Don't go melting your brain, it's not worth it...that very reason is why I love the CA WOD so much--I get to stop thinking!!!

If you have known imbalances, my suggestion would be to do extra work on the "weak" sides, while doing a minimal amount of maintenance work on the "strong" sides.

All that being said, training in those four push-pull planes will balance most stuff out eventually, IMO. If you haven't seen it already, I have examples in my training log of my gymnastics "holds" and "moves" workouts. My pushups are full-depth on parallettes, my body rows have recently been switched elevating the feet close to hand height. I may not be totally "balanced" according to some strength coaches, however, I'm progressing on everything slowly and steadily. If I had glaring weaknesses, I would surely address them, however, I just don't see or feel them.
__________________
Garrett Smith NMD CSCS BS, aka "Dr. G"
RepairRecoverRestore.com - Blood, Saliva, and Stool Testing
My radio show - The Path to Strength and Health
Garrett Smith is offline   Reply With Quote
Old 12-14-2007, 12:57 PM   #6
Steven Low
Super Moderator
 
Join Date: Mar 2007
Posts: 3,091
Default

Testing high rep movements tell you pretty much nothing. Just that you have better endurance on one side than the other.. doesn't *necessarily* make you stronger.

Biggest things to look for are (1) posture and (2) muscle mass. You can usually tell if someone is on the road to injury by looking at anterior vs. posterior muscle mass and extensive kyphosis/rounding in the shoulders.

Other than that it's pretty hard to imbalance the lower body much unless you're doing only to parallel squats as your only leg exercises. Upper body is the main problem for most people.

Build your workout routines to have pretty much 'evenish' push and pull, although if you oly lift then you probably won't need it directly even. Verticle pulling, by the way, is an internally rotating exercise because as the lats grow they start to internally rotate the humerus (causing a short and tight subscapularis as opposed to a weak infraspinatus and teres minor). Just a bit of food for thought on why you might want to add a little extra work for the infraspinatus and teres minor if you're not doing too much rowing and oly lifting. Best test for this I saw on a t-nation article is to basically put two pencils in your hands and let your arms hang naturally -- if they're pointing in more than 45 degrees you probably want to start working your external rotators a lot more. They should optimally be pointing straight ahead..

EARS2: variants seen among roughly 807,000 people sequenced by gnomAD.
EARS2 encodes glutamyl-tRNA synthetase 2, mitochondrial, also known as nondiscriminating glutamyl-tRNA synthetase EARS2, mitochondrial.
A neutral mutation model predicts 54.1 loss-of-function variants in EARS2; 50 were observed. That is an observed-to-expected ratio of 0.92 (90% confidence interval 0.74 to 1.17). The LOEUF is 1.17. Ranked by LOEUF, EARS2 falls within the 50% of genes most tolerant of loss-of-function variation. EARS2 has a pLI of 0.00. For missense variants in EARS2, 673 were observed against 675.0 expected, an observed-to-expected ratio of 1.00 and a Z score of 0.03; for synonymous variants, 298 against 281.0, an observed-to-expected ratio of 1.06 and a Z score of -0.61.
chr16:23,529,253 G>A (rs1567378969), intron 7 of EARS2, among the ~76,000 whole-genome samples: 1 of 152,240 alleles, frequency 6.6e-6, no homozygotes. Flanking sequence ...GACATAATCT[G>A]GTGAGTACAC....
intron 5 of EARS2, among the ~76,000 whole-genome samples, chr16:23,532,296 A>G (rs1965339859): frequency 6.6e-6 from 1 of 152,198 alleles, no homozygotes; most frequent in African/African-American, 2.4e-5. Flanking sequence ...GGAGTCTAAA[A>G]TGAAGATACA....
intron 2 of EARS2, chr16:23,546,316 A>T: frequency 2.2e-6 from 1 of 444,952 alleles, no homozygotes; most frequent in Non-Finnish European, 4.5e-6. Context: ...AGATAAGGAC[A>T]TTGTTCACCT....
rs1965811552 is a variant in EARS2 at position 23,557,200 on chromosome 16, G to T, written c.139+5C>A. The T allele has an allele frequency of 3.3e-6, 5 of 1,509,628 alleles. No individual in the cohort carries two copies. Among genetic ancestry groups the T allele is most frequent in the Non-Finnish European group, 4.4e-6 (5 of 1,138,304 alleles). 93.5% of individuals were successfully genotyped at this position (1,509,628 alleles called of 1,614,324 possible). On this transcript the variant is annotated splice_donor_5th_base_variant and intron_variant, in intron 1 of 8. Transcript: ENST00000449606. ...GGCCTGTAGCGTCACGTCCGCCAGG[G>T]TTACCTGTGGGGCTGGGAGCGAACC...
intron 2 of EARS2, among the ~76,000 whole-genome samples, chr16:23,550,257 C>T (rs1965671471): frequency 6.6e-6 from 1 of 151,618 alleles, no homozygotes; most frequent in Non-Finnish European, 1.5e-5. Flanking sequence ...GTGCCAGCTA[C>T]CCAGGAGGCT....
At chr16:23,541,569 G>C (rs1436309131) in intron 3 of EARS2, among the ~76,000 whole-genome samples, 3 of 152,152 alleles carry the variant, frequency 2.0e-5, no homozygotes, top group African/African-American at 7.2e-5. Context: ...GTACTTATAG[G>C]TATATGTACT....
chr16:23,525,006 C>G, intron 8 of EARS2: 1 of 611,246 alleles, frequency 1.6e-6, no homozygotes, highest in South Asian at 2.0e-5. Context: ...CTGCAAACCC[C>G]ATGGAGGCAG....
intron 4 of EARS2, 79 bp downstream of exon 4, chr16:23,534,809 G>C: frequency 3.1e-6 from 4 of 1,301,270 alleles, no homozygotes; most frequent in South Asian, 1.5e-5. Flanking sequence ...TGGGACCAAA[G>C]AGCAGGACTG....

Also, there is also the issue of scapularly balanced exercises which horizontal push/pull both exaggerate tightness with retracted depressed scapulae. Basically this means you should definitely have some type of upward pushing/isometrics movement like overhead squats or overhead shrugs.
Steven Low is offline   Reply With Quote
Old 12-14-2007, 03:21 PM   #7
George Launchbury
New Member
 
Join Date: Jun 2007
Posts: 3
Default

Hi Guys,

I think you both rang true with me on figuring out the visually 'lacking' elements in terms of muscularity and posture ...and they are where the weak numbers currently lie as well:

...Rowing movements and strength above head.

The upshot seems to be a case of getting to know my body, rather than relying on numbers to tell me how I'm shaping up.